Didier Stevens

Monday 4 April 2022

.ISO Files With Office Maldocs & Protected View in Office 2019 and 2021

Filed under: maldoc,Malware,Uncategorized — Didier Stevens @ 0:00

We have seen ISO files being used to deliver malicious documents via email. There are different variants of this attack.

One of the reasons to do this, is to evade “mark-of-web propagation”.

When a file (attached to an email, or downloaded from the Internet) is saved to disk on a Windows system, Microsoft applications will mark this file as coming from the Internet. This is done with a ZoneIdentifier Alternate Data Stream (like a “mark-of-web”).

When a Microsoft Office application, like Word, opens a document with a ZoneIdentifier ADS, the document is opened in Protected View (e.g., sandboxed).

But when an Office document is stored inside an ISO file, and that ISO has a ZoneIdentifier ADS, then Word will not open the document in Protected View. That is something I observed 5 years ago.

But this has changed recently. When exactly, I don’t know (update: August 2021).

But when I open an Office document stored inside an ISO file marked with a ZoneIdentifier ADS, Office 2021 will open the document in protected view:

With an unpatched version of Office 2019, that I installed a year ago, that same file is not opened in Protected View:

After updating Office:

Word’s behavior has changed:

The file is now opened in Protected View.

If you want to test this yourself, you can use my ZoneIdentifier tool to easily settings a “mark-of-web” without having to download your test file from the Internet:

Or you can just add the ZoneIdentifier ADS with notepad.

I did the same test with Office 2016, I updated an old version and: the document is not opened in Protected View.

I don’t know exactly when Microsoft Office 2019 was updated so that it would open documents in Protected View when they are inside an ISO file marked as originating from the Internet. But if you do know, please post a comment.

Update: this change happened in August 2021. See comments below. Thanks Philippe.

Wednesday 29 December 2021

VBA: __SRP_ Streams

Filed under: Forensics,maldoc — Didier Stevens @ 0:00

Office documents with a VBA project that contains streams whose name starts with __SRP_, have had their VBA macros executed at least once.

As Dr. Bontchev describes in the documentation for his pcodedmp tool:

When the p-code has been executed at least once, a further tokenized form of it is stored elsewhere in the document (in streams, the names of which begin with __SRP_, followed by a number).

Thus in my maldoc trainings, I always explain that the presence of __SRP_ streams is an indication that the VBA code has been executed prior to the saving of the document, and vice-versa, that the absence means that the code was not executed (prior to saving).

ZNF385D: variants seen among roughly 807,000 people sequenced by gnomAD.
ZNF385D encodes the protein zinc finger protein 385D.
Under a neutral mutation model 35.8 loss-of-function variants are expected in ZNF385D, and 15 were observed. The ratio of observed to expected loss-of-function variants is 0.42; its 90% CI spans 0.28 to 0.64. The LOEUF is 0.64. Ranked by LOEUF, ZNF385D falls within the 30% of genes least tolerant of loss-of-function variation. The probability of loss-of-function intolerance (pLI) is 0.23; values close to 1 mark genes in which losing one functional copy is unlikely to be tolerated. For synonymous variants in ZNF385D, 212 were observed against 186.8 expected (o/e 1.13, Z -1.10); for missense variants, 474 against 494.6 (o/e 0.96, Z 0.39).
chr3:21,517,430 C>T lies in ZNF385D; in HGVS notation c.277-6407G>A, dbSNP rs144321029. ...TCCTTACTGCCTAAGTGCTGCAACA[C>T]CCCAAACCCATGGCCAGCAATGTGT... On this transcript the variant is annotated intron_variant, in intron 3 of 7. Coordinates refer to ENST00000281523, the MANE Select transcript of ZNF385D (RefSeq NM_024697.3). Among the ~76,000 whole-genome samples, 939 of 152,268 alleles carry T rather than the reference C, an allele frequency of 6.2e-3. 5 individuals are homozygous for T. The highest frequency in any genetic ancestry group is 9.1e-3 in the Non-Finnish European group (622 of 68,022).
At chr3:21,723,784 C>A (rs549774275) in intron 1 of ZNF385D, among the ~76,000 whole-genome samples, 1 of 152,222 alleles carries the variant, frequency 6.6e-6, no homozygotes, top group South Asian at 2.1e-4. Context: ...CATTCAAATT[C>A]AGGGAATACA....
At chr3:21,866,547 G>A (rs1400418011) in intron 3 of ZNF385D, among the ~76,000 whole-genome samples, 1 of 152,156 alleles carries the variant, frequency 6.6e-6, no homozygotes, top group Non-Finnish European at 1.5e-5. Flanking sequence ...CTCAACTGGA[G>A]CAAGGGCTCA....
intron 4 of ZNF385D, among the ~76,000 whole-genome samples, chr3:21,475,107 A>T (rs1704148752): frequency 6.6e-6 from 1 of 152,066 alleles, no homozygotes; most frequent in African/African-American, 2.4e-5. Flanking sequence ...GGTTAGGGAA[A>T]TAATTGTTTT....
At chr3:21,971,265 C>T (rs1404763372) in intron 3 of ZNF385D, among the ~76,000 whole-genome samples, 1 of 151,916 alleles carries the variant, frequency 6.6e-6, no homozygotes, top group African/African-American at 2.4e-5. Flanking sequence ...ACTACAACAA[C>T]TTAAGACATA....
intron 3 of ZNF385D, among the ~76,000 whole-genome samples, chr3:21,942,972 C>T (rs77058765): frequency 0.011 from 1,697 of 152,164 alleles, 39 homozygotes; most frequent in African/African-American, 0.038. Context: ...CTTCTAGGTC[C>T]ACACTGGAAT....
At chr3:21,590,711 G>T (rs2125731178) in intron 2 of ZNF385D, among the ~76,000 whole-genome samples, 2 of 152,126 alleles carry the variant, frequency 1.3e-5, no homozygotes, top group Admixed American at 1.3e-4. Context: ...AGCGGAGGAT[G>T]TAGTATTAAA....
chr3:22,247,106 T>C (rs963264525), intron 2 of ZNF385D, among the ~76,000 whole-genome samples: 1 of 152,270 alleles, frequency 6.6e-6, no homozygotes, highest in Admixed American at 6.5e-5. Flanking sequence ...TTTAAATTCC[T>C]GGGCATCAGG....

I recently discovered that these __SRP_ streams are also created when the VBA project is compiled (without running the macros), by selecting menu option “Debug / Compile Project” in the VBA IDE.

Tuesday 19 January 2021

Video: Maldoc Analysis With CyberChef

Filed under: maldoc,Malware,video — Didier Stevens @ 0:00

In this video, I show how to analyze a .doc malicious document using CyberChef only. This is possible, because the payload is a very long string that can be extracted without having to parse the structure of the .doc file with a tool like oledump.py.

I pasted the recipe on pastebin here.

Sunday 15 November 2020

oledump Indicators

Filed under: maldoc,My Software — Didier Stevens @ 13:51

Each stream and storage can have an indicator in oledump.py‘s output:

You’ll probably know M and m: they are indicators that appear often.

Here is an overview of all possible indicators:

  • M: Macro (attributes and code)
  • m: macro (attributes without code)
  • E: Error (code that throws an error when decompressed)
  • !: Unusual macro (code without attributes)
  • O: object (embedded file)
  • .: storage
  • R: root entry


Monday 20 July 2020

Cracking VBA Project Passwords

Filed under: Encryption,maldoc — Didier Stevens @ 0:00

VBA projects can be protected with a password. The password is not used to encrypt the content of the VBA project, it is just used as protection by the VBA IDE: when the password is set, you will be prompted for the password.

Tools like oledump.py are not hindered by a VBA password, they can extract VBA code without problem, as it is not encrypted.

The VBA password is stored as the DPB value of the PROJECT stream:

You can remove password protection by replacing the values of ID, CMG, DPB and GC with the values of an unprotected VBA Project.

Thus a VBA password is no hindrance for staticanalysis.

However, we might still want to recover the password, just for the fun of it. How do we proceed?

The password itself is not stored inside the PROJECT stream. In stead, a hash is stored: the SHA1 hash of the password (MBCS representation) + 4 byte salt.

Then, this hash is encrypted (data encryption as described in MS-OVBA and the hexadecimal representation of this encrypted hash is the value of DPB.

This data encryption is done according to an algorithm that does not use a secret key. I wrote an oledump.py plugin (plugin_vbaproject.py) to decrypt the hash and display it in a format suitable for John the Ripper and Hashcat:

The SHA1 of a password + salt is a dynamic format in John the Ripper: dynamic_24.

For Hashcat, it is mode 110 and you also need to use option –hex-salt.

Remark that the password passed as argument to the SHA1 function is represented in Multi Byte Character Set format. This means that ASCII characters are represented as bytes, but that non-ASCII characters might be represented with more than one byte, depending on the VBA project’s code page.


Tuesday 7 July 2020

Tampering With Digitally Signed VBA Projects

Filed under: maldoc — Didier Stevens @ 0:00

As I explained in blog post VBA Purging, VBA code contained in Module Streams is made up of compiled code (PerformanceCache) and source code (CompressedSourceCode).